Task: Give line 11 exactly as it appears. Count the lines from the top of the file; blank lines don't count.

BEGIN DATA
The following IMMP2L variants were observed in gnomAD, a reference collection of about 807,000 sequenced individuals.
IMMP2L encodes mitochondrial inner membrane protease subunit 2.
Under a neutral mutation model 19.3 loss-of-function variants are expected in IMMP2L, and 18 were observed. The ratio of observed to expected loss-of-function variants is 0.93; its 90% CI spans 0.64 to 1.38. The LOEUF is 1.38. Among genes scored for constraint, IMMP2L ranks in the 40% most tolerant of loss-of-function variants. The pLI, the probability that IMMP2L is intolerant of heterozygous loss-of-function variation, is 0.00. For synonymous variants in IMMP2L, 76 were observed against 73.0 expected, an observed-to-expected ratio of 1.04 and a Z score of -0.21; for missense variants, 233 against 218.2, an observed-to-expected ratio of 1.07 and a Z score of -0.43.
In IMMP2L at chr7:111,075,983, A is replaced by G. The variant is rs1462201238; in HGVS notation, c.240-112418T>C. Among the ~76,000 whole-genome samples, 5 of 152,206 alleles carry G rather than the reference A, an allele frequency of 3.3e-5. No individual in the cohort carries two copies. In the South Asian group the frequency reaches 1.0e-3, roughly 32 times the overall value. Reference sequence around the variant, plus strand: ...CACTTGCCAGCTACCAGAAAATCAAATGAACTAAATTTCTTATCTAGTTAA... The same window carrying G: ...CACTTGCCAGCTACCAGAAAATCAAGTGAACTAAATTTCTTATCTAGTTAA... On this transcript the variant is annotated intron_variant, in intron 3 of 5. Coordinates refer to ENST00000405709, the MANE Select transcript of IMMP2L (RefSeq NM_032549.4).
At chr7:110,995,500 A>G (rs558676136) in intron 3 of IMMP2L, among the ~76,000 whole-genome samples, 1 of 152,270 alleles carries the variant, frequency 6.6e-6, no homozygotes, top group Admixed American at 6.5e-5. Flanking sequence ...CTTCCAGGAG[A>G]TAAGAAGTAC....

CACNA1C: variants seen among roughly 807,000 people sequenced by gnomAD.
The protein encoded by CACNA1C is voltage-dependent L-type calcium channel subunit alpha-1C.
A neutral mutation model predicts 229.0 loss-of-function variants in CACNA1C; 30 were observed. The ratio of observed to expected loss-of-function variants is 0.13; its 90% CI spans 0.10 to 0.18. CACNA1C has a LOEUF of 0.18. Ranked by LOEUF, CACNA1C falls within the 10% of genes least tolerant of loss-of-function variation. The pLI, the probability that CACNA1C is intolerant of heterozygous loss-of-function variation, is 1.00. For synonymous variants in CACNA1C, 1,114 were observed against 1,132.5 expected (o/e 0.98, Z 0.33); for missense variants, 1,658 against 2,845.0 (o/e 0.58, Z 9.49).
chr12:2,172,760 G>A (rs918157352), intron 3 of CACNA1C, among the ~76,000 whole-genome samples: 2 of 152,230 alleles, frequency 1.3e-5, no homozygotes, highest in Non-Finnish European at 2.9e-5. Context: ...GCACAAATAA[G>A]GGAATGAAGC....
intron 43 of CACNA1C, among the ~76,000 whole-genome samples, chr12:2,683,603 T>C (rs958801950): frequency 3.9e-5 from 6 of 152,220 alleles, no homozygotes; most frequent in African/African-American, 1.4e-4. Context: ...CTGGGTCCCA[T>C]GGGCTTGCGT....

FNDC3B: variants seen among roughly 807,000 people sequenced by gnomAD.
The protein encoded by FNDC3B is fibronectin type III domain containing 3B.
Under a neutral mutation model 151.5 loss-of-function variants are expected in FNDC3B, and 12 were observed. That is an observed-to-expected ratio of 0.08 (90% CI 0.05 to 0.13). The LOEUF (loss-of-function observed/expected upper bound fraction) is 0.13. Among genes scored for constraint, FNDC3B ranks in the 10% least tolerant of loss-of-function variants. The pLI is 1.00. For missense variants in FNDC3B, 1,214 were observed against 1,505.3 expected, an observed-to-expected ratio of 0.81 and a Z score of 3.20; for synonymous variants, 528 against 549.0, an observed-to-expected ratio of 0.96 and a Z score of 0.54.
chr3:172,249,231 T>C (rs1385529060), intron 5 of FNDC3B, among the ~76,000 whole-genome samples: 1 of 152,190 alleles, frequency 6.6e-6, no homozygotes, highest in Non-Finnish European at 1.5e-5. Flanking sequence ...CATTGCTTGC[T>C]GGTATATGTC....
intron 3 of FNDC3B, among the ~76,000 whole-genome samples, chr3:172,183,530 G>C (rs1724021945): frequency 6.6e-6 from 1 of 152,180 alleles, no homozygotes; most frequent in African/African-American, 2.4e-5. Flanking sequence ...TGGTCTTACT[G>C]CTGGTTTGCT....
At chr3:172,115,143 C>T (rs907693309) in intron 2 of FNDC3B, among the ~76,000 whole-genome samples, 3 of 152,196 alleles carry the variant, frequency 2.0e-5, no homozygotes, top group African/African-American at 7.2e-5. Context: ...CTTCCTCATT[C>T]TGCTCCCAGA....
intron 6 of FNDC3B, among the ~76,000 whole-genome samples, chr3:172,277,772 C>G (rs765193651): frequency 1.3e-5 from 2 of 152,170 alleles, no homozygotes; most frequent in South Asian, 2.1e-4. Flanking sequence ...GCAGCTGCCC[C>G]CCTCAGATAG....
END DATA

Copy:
FNDC3B: variants seen among roughly 807,000 people sequenced by gnomAD.